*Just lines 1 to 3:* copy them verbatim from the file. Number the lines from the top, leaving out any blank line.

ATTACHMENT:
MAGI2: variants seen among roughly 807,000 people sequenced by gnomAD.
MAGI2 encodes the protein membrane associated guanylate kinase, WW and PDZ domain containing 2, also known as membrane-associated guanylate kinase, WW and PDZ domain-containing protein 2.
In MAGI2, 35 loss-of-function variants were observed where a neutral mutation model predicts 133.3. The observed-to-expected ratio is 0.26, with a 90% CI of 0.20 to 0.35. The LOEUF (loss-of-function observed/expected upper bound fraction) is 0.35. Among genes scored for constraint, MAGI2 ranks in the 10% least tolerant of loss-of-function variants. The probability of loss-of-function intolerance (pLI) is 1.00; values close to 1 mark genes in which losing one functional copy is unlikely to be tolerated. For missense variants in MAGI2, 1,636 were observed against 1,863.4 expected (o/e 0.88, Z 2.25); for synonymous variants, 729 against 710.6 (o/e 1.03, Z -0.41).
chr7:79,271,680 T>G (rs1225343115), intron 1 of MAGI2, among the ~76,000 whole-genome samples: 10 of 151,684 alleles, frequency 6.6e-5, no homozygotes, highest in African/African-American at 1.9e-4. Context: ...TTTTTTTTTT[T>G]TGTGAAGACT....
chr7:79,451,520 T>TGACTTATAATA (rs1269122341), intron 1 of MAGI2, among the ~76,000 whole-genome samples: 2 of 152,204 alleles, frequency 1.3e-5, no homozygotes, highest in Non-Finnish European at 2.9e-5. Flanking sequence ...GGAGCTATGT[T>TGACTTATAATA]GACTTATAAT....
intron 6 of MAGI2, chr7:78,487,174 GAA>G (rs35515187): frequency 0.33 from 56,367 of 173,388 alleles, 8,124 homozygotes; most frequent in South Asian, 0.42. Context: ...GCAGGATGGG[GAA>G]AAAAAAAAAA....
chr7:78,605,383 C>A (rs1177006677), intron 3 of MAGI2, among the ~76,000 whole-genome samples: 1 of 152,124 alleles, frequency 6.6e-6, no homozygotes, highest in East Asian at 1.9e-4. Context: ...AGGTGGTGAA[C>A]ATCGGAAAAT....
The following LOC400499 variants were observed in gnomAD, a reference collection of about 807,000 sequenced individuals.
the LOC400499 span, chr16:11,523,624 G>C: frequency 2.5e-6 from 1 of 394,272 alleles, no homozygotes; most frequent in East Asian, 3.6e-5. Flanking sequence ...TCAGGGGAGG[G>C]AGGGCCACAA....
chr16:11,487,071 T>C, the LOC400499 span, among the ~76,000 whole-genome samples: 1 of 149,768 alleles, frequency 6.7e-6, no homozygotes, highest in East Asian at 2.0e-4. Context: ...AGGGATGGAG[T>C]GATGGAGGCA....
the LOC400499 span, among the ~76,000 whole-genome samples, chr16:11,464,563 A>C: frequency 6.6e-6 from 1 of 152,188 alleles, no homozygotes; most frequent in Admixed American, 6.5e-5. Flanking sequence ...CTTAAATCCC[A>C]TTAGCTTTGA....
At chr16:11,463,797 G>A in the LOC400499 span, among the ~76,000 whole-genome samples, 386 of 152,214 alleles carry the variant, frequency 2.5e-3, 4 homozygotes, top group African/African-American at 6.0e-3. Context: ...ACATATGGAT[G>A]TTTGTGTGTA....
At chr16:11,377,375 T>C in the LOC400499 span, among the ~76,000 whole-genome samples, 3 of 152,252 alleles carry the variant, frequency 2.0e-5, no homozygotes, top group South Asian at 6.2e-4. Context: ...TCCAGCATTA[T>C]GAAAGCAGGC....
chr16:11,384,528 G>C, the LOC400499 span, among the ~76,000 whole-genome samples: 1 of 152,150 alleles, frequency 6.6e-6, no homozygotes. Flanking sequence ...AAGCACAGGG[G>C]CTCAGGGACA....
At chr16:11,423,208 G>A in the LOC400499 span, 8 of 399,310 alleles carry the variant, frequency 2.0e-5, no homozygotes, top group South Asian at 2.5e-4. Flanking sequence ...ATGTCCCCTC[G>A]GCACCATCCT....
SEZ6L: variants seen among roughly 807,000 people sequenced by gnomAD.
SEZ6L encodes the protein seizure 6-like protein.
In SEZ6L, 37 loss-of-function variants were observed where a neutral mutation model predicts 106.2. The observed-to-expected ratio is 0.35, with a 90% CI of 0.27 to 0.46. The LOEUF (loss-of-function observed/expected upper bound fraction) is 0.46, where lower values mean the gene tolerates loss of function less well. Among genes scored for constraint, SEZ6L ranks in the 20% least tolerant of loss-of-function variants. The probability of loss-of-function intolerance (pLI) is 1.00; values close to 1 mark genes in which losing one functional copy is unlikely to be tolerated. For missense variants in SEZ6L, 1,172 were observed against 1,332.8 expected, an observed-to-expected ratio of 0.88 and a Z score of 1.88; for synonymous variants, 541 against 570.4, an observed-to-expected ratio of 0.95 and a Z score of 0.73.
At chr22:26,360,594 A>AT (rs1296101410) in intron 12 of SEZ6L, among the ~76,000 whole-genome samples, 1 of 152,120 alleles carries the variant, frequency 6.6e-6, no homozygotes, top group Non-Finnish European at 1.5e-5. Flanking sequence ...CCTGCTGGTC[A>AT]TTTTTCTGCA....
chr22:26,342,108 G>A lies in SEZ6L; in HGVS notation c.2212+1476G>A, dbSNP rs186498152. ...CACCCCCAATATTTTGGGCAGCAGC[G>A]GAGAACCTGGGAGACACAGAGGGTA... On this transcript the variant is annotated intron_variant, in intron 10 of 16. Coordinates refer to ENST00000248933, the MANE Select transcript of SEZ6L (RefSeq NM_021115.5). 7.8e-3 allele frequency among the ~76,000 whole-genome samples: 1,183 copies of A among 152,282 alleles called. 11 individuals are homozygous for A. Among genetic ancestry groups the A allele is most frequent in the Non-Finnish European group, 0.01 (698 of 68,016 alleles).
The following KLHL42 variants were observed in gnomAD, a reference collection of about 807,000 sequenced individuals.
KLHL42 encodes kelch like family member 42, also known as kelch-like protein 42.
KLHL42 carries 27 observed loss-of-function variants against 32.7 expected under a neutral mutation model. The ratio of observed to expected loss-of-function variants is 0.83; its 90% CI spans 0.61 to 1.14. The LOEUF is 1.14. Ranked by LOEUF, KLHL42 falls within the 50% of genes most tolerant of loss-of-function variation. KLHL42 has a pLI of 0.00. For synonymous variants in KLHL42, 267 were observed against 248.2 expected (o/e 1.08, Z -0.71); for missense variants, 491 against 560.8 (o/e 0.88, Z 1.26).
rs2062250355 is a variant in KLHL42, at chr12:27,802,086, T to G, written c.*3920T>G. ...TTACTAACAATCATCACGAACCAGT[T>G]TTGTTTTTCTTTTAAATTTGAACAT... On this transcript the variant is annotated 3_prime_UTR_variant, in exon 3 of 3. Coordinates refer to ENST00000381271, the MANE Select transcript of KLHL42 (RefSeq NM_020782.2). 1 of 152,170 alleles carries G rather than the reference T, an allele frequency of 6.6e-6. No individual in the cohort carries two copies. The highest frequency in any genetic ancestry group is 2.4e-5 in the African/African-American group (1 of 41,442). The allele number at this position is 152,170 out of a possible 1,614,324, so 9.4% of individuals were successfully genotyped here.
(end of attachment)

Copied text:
MAGI2: variants seen among roughly 807,000 people sequenced by gnomAD.
MAGI2 encodes the protein membrane associated guanylate kinase, WW and PDZ domain containing 2, also known as membrane-associated guanylate kinase, WW and PDZ domain-containing protein 2.
In MAGI2, 35 loss-of-function variants were observed where a neutral mutation model predicts 133.3. The observed-to-expected ratio is 0.26, with a 90% CI of 0.20 to 0.35. The LOEUF (loss-of-function observed/expected upper bound fraction) is 0.35. Among genes scored for constraint, MAGI2 ranks in the 10% least tolerant of loss-of-function variants. The probability of loss-of-function intolerance (pLI) is 1.00; values close to 1 mark genes in which losing one functional copy is unlikely to be tolerated. For missense variants in MAGI2, 1,636 were observed against 1,863.4 expected (o/e 0.88, Z 2.25); for synonymous variants, 729 against 710.6 (o/e 1.03, Z -0.41).